Moral hazard refers to the risk that a contract has not been entered into in good faith. This typically includes one of the members in the agreement providing misleading information or one of the parties having an incentive to take unusual risks before the contractual agreement concludes.
Insurance is largely about managing risk. Providers structure coverage in part based on the likelihood that policyholders will need certain services and will make certain claims. Those who buy insurance, on the other hand, may behave differently if they know they are covered in the event of a mishap. This tendency may increase the risk that they will use their insurance, but the specifics of what human behaviors change when coverage is in place are difficult for the insurer to predict.
This is called "moral hazard" in the context of insurance. A 2016 study in the Journal of Medical Ethics and the History of Medicine actually identified two kinds of moral hazards in the context of health care: provider moral hazards, from those promoting unnecessary, but insurance-covered, services; and consumer moral hazards, from patients making excessive use of health care coverage. Technically, moral hazards can also include the most extreme cases of deliberate acts to avail oneself of insurance proceeds, such as in the case of an insurance beneficiary burning down the building covered by a fire policy.
How Do Insurance Companies Account for Moral Hazard?
Insurance companies try to mitigate moral hazard by structuring policies that incentivize behavior that does not lead to claims and penalizing actions that do. It can also take the form of more practical strategies like deductibles and premium reduction for fewer claims. It's a constant balancing act, however, as insurers struggle to create a fair system given the limited information they have about those who purchase their policies.
How Does Moral Hazard Come Into Play?
This tends to happen when one party to the insurance contract knows more than the other. One example from the 2008 financial crisis, outside of the insurance industry, is when lenders approved mortgages for people without the ability to pay, while the investors who bought the bundled mortgages didn't know default was likely. In the case of health insurance or vehicle insurance, companies can't watch insureds around the clock, so they may be unaware of behaviors that are detrimental to their physical health or safety on the road. This would include exercising poor driving skill, not wearing a seat belt, or excessive use of alcohol or illicit substances.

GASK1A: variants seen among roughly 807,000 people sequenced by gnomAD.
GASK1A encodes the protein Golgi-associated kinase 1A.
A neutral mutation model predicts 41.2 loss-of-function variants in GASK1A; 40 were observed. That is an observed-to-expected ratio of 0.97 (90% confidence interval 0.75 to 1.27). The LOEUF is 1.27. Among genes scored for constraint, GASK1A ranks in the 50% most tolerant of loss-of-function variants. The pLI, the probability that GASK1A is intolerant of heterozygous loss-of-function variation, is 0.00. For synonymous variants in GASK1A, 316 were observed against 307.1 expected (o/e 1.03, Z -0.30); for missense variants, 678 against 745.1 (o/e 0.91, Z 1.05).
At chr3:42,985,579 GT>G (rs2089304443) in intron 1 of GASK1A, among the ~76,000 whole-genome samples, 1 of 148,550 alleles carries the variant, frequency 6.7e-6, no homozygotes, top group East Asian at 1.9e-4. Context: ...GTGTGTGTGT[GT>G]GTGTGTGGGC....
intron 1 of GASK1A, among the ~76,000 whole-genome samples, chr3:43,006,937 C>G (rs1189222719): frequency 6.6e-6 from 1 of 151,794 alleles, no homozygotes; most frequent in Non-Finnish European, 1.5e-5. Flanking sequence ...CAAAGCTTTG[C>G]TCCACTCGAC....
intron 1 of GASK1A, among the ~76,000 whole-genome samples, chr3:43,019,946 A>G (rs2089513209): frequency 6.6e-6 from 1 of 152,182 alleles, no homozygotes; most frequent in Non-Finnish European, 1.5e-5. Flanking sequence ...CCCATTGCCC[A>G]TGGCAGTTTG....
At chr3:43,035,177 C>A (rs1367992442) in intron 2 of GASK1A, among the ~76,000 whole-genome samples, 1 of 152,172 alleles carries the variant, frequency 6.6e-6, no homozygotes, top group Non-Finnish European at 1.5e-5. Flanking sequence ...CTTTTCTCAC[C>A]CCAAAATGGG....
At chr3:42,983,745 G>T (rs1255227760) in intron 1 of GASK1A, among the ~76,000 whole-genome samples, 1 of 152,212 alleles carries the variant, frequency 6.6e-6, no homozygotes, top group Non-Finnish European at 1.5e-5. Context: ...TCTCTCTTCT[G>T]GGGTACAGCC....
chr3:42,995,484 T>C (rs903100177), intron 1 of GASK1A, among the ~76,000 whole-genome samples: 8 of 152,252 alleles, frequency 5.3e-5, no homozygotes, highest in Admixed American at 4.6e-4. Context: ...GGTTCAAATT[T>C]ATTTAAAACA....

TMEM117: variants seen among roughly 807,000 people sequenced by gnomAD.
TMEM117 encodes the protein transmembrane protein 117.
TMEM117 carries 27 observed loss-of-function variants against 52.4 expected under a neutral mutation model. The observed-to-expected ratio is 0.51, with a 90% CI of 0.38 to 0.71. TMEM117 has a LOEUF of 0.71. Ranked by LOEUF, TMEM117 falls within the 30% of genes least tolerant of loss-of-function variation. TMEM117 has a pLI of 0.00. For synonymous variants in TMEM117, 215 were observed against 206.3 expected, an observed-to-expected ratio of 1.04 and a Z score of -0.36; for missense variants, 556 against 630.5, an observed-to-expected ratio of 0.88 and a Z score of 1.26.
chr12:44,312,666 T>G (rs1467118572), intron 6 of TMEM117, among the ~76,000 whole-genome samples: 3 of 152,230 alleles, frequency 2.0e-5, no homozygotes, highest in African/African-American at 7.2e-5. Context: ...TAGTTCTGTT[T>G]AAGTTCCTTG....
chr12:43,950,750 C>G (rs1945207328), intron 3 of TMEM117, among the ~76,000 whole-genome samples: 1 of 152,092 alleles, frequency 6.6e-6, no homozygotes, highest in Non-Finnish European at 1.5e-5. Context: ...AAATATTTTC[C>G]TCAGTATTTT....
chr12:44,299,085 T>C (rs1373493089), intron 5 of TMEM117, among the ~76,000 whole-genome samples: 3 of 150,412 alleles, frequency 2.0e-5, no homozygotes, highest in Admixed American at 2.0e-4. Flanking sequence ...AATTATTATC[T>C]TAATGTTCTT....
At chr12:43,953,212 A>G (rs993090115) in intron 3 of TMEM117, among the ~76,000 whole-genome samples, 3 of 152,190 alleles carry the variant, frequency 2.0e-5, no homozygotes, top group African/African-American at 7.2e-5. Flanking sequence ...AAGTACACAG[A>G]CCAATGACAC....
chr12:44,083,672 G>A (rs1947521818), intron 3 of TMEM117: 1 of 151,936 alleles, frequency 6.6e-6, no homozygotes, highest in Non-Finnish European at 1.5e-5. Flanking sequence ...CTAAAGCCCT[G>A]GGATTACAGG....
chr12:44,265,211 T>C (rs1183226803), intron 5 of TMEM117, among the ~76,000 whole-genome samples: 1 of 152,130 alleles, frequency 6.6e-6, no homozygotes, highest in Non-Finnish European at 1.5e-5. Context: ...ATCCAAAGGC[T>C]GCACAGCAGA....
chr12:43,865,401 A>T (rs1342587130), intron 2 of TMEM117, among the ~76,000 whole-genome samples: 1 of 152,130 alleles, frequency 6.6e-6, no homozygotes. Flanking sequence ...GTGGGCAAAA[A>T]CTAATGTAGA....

Another issue is the overuse, or deliberate misuse, of certain types of coverage. The 2016 study in the Journal of Medical Ethics examined reasons why individual patients may defraud the system. In its analysis, the paper noted that health care costs in the country in question, Iran, was about 7 percent of gross domestic product. That number was rising as 2 percent of the population was under the poverty line and information about these individual's health status was largely unknown.
In its survey, the study identified some reasons why health care fraud happened:
- Patients with chronic conditions wanted to pay less
- Patients found treatment costs unaffordable and wanted to protect against cost uncertainty
- Patients viewed doctors who prescribed many drugs as better practitioners
- Patients did not feel obliged to use their own insurance card, sometimes using another's coverage
In order to solve some of these issues, the study recommended better supervision of prescribing doctors, monetary exemptions for low-income individuals and education about the use of another person's health insurance.
Matching Insurance Coverage to Policyholder Risk
For insurers outside the health care context, the struggle is to adjust premium rates in order to account for the real risk of coverage. Moral hazard increases the risk, not necessarily because of deliberate fraud, but because of lack of care as a result of knowing that the item is fully covered. If an item is insured against theft, the company may reason that the probability that it is stolen against the payout cost in the event of a claim is the monetary risk. That risk changes once coverage is in place, but only because people become less cautious about preventing theft.
For example, a $5,000 jet ski may have a 5 percent chance of loss through theft, leading to a risk amount of $250. If the jet ski is insured, theft is more likely, so the company may reason it is now 25 percent, or $1,250. Because of moral hazard, insurance companies therefore have to use strategies to account for this difference. These include:
- Higher premiums
- Lower premiums with proof of mitigation against risky behavior
The insurance company also wants to make policies affordable. However, this can create a perpetual push-and-pull to find a fair and financially sound insurance policy. In an ideal scenario, insurers would have the maximum information about insureds as possible, in order to most effectively define the risk.
Consumer Real Estate Information for Insurers
One significant piece of information available to commercial insurers is real estate data. Fortunately, DataTree allows you to search real estate information and track the financial history of insurance applicants. This way, providers can guard against unnecessary moral hazards. DataTree is available for a free trial, so insurance companies of all sizes can get a sense of its effectiveness without risk.